When our mom came back, we would make our way to the front desk, check out our materials, and wave goodbye to the kind library staff who knew we would be back in a couple days.

While McDowell was being rebuilt in the early 2000’s, we went to another library branch that had already been updated (our library system encompassed 17 branches and 1 main library at the time and from the late 90’s to early 2000’s, all the branches received makeovers). The staff at this branch was also very friendly and helpful, but I was branch sick for our normal location. I was (and still am) a child of routine and hated (and still hate) having it interrupted. To this day, I’m still trying to have a more “go with the flow” mentality, but it’s proven to be quite difficult.

Flash forward.

Eventually, we were no longer able to go to the library 2 or 3 times a week because my brother and I were fully in school and my mom had gone back to work. My grade school had a library that the class went to once a week, but we were only allowed to check out 1 book – which was quite disheartening to me as I was used to leaving the library with my arms full of books.

We still went to the public library at least once a week, and I enjoyed that the librarians encouraged me to take as many books as I could carry – even as my mom cringed at the words.

During the summer, we were mostly able to resume going to the library multiple days a week, mostly because my grandma took my brother and I while our mom was at work. Our grandma loved the library because the air conditioning was constantly blasting and she preferred the cold to the sticky, summer heat that clung to our house since our AC wasn’t nearly as strong.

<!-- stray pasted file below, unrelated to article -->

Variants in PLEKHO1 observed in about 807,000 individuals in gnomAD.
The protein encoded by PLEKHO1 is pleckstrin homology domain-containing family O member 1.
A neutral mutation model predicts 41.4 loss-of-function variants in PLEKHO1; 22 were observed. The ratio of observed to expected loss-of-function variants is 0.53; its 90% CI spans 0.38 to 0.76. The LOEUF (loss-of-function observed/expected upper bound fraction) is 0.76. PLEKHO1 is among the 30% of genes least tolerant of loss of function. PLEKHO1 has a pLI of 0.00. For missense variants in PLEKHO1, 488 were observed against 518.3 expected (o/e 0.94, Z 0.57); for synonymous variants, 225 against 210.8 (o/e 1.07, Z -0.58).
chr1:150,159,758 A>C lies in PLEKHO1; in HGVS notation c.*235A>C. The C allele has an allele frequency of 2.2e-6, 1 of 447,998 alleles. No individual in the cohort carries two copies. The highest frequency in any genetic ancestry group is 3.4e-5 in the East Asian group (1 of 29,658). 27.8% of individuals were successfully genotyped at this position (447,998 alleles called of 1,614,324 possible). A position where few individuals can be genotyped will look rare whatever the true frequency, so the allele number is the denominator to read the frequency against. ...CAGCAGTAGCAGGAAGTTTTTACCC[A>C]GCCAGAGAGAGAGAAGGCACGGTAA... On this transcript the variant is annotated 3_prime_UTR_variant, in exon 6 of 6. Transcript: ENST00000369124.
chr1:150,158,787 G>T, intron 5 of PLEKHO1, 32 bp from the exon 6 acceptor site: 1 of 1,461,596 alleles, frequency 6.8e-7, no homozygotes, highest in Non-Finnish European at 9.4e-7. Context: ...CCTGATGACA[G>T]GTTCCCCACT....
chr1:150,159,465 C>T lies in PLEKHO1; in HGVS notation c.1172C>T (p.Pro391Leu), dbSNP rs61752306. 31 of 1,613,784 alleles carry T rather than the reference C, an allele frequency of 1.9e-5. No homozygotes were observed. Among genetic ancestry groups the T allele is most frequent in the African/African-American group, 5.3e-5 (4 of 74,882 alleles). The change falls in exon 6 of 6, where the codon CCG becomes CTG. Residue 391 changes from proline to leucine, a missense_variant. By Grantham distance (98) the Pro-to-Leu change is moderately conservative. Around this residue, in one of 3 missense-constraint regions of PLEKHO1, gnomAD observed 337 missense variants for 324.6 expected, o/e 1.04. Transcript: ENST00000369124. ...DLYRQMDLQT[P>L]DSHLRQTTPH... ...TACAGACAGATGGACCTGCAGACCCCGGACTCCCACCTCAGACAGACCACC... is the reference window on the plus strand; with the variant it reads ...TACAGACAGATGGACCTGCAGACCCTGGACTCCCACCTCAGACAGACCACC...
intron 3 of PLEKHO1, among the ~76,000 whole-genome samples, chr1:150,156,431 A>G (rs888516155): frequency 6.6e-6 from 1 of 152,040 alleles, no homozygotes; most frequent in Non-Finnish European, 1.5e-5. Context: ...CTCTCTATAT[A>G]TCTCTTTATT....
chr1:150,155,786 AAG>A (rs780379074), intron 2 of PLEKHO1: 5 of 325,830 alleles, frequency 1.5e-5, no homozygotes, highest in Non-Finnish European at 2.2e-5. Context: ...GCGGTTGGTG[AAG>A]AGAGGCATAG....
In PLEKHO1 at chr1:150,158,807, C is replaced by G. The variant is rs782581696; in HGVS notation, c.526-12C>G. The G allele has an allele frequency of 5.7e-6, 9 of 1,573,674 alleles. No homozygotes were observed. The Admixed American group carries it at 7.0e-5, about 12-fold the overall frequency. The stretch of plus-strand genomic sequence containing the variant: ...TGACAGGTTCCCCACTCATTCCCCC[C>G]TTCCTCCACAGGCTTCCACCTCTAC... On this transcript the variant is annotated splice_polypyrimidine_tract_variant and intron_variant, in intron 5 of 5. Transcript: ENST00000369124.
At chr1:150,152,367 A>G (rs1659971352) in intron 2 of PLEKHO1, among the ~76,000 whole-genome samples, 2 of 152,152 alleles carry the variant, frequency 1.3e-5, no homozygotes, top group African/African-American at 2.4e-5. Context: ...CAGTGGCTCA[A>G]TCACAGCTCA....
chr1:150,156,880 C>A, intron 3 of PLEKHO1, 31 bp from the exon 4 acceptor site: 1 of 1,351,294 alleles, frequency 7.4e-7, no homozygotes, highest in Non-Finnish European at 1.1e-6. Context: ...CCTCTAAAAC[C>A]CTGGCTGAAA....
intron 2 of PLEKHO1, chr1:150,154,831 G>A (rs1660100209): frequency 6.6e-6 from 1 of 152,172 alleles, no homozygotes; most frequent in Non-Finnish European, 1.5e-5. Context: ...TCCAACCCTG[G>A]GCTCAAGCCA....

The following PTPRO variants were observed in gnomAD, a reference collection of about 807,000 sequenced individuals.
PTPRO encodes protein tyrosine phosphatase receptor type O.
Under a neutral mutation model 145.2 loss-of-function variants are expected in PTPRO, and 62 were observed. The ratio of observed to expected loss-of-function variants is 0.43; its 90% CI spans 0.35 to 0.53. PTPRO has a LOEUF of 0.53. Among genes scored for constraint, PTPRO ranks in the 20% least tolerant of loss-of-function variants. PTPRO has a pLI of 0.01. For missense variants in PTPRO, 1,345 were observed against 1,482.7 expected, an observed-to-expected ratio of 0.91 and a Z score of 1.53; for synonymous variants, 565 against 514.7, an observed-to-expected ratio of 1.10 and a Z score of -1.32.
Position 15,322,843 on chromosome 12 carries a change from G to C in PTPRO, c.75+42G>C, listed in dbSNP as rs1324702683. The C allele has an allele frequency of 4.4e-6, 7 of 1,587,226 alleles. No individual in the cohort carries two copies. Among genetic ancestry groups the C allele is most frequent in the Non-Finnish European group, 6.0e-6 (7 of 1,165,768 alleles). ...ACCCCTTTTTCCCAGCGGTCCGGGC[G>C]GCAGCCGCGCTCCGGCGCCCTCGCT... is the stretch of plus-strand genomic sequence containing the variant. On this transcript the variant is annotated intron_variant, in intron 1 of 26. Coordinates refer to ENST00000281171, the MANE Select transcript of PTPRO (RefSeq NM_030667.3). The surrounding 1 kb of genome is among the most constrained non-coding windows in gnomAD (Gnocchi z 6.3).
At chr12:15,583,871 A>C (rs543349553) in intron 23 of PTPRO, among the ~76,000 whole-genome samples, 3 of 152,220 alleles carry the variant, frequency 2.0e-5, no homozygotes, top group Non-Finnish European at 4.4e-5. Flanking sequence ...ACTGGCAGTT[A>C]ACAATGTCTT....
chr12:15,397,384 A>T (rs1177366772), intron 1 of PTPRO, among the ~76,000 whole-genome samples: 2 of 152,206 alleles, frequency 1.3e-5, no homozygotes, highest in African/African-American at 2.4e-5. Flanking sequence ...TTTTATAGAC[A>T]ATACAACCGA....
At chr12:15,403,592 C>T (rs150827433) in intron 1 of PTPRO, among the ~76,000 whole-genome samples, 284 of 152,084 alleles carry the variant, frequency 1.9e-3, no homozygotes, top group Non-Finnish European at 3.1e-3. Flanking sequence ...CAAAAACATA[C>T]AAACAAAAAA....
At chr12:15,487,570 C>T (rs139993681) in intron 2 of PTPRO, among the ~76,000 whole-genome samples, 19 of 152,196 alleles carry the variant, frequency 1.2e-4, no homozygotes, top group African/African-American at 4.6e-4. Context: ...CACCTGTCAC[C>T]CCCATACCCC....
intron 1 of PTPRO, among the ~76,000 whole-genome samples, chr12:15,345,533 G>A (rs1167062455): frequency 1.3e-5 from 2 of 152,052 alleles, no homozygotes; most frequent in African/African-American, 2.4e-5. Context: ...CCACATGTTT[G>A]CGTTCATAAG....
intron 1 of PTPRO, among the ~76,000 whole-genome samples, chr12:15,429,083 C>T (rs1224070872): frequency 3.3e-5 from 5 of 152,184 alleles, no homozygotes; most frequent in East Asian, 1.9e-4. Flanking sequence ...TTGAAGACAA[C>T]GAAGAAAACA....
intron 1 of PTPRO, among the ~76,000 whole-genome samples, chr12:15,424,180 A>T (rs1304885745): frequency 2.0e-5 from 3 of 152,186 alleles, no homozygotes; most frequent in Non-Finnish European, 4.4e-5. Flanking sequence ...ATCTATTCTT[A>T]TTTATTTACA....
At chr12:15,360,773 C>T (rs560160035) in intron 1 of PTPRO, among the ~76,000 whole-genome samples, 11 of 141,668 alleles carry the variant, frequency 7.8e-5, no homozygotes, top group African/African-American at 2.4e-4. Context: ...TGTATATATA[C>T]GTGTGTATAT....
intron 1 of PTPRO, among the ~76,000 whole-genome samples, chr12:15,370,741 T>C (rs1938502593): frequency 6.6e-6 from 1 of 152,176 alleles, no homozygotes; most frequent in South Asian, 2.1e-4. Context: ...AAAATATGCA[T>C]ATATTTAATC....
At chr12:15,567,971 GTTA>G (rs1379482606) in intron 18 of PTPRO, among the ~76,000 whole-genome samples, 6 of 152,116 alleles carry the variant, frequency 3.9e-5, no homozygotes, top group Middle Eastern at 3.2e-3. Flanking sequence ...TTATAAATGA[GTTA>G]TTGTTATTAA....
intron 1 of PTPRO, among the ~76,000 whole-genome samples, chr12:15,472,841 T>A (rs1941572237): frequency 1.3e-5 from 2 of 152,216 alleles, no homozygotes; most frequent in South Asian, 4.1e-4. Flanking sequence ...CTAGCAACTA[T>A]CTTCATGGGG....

I would browse books, my brother would play on the computer, and our grandma would make herself comfortable in the overstuffed chairs with a couple books and a magazine. The library opened at 10, we got there around 11:30, and stayed until 3 or 4 in the afternoon. For me, it was heaven. Plus, I was able to read so much that I often won the summer reading challenge for my age group. For some kids in my class, going to the beach was the highlight of summer vacation. For me, it was the spending hours in the library and the summer reading challenge.

Late middle school and junior high were less than ideal years (but really, who actually enjoyed going through puberty and all the bad skin, mood swings, and awkward everything that comes with it?). On top of that, I found myself at the mercy of my classmates. I was pushed down at recess, made to eat by myself during lunch, made fun of, and left without a partner during group activities.

During a science lab, a classmate even cut off a few inches of my hair while I was working.

Home didn’t feel much better than school. For some reason (puberty, I assume), I couldn’t get along with my parents – especially my mom. Everything was a fight. My grandma, the same one who drove my brother and I to the library every summer, was having a rough surgery, and my Dedo (grandpa) had been diagnosed with cancer. Our wonderful dog, Marley, was nearly 17 and was clearly not going to live much longer. It was a lot of overwhelming emotions that I didn’t know how to handle.

I found comfort in the library. The staff always greeted me with a smile and an excited “hello”. They asked what I was reading, if I had read anything notable lately, and praised me for being such an avid reader. The teen librarian, who I adored, even recommended a book to me. A personal recommendation. I felt so honored and happy for the first time in a very long time.